R&D: Industrial Strategy creates widespread opportunities for innovative businesses

    Last November, the government launched its Industrial Strategy, containing plans designed to transform the economy and to prepare for the UK’s exit from the European Union. 

    A key objective is to raise the level of investment in research and development (R&D) from 1.7% to 2.4% of GDP by 2027 with the Industrial Strategy Challenge Fund providing money to support work in key industries of the future including artificial intelligence and data, clean energy, mobility and medicine. 

    As recently as Monday, Sam Gyimah, the Minister for Higher Education, announced an investment of £70m to look at accelerating innovative healthcare and how new virtual reality projects can help patient recovery. Also earlier this month, businesses were invited to apply for a share of £25m of funding to explore the development of new battery technologies for vehicles.

    All of this is welcome news as John Moxon, our Director of R&D Tax Services, explains: ‘With forthcoming funding announcements expected shortly on quantum technologies, the application of data to the early diagnosis of disease and initiatives surrounding construction and food production, there are widespread opportunities for a cross section of SMEs to innovate and invest in R&D. Our experienced R&D and funding specialists are ready to assist our accountancy clients with technical help, as they in turn offer tax saving advice to their own clients.’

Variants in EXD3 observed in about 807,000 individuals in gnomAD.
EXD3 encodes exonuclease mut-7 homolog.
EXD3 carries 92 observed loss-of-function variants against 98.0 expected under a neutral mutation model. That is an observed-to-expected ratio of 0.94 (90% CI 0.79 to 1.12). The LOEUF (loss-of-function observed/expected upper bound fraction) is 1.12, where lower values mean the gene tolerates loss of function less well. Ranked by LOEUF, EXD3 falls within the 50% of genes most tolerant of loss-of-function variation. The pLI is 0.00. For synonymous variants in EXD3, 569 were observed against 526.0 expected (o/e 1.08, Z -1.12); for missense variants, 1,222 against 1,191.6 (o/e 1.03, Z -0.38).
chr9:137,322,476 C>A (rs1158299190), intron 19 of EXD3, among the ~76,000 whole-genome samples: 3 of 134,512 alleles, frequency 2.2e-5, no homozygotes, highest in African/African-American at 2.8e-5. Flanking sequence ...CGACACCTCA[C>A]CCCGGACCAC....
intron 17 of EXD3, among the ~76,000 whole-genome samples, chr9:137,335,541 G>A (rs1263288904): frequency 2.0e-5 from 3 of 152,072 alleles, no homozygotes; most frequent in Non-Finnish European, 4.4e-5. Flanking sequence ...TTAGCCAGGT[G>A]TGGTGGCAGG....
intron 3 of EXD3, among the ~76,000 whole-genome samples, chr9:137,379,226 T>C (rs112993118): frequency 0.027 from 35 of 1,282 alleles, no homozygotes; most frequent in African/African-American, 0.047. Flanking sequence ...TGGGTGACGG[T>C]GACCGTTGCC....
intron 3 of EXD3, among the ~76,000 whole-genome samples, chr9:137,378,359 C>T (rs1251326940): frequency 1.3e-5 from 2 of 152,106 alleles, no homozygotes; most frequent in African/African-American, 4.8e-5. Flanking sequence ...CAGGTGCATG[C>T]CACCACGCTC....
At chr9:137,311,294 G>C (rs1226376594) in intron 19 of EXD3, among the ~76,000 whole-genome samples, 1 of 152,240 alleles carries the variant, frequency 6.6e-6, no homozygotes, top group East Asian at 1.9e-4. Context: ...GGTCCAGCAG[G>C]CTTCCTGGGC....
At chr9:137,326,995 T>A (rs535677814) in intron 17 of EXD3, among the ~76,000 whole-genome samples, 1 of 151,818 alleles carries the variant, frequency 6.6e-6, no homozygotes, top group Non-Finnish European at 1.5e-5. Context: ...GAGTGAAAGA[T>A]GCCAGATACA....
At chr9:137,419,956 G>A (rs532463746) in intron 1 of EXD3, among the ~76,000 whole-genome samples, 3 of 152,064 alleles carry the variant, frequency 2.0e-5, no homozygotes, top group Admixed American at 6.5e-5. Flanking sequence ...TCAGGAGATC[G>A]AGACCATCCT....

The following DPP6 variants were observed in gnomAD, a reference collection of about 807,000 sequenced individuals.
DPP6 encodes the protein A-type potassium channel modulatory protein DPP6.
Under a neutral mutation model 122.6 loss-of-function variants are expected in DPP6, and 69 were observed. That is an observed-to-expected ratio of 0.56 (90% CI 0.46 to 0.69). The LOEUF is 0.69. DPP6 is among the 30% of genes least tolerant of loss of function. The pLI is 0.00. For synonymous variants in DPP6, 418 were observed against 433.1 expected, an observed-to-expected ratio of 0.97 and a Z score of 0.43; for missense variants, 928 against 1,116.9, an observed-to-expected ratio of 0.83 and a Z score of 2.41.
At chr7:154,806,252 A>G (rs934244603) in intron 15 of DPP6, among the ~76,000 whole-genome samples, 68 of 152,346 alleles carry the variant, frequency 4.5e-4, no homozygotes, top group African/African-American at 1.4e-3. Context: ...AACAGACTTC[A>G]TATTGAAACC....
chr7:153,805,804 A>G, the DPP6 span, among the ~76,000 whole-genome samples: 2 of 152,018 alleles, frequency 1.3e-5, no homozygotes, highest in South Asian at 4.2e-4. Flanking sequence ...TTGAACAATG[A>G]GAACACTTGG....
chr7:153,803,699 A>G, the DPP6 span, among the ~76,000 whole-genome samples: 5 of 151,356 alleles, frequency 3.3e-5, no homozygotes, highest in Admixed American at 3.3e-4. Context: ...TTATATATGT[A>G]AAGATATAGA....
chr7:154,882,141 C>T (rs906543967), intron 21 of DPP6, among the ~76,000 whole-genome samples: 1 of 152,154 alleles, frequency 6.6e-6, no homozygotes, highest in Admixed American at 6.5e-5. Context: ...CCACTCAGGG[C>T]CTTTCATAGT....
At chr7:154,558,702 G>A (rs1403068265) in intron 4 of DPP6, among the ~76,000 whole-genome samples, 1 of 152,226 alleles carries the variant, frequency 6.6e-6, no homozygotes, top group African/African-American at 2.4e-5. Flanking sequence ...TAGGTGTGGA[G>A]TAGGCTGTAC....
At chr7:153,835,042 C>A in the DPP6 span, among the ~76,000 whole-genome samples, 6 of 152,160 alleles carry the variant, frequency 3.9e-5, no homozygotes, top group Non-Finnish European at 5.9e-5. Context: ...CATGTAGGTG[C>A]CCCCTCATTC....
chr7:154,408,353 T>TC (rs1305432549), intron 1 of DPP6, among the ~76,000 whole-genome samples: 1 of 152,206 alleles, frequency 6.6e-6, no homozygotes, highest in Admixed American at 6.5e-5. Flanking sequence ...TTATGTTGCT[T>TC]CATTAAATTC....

The Industrial Strategy has also been warmly received by the chief executive of Siemens UK, as well as the Federation of Small Businesses and the British Chambers of Commerce.

    However, a recent National Audit Office report identified risks and questioned whether bodies funding R&D initiatives had sufficient data on funding gaps and research outcomes to ensure that national priorities were being met. Whilst funding and research was found to be established and functioning well in human health studies, it was less co-ordinated in the developing spheres of climate and robotics research. 

    It also raised concerns about the future of UK research funding post Brexit. The report pointed out that the UK is a net receiver of EU funding for research. Between 2007 and 2013, the UK contributed €5.4bn and received €8.8bn. In August 2016, the government guaranteed future funding for grants won by British businesses and universities while the UK remains a member of the EU, but the longer term implications are unclear and depend on the outcome of the UK’s Brexit negotiations and policy decisions taken thereafter.

    The Public Accounts Committee will be examining research and development funding across government on Wednesday 31 January.

    The UK research landscape is already set for significant upheaval with the formation of a new body, UK Research and Innovation, which goes live this April and is replacing the existing Research Councils.

    Needless to say, with so much change yet so much opportunity, it is important to work with us to keep fully up to speed with rapidly emerging developments.

    If you would like to discuss the content of this article further, please contact John Moxon or the author of this article, our Head of Technical Research, Guy Smith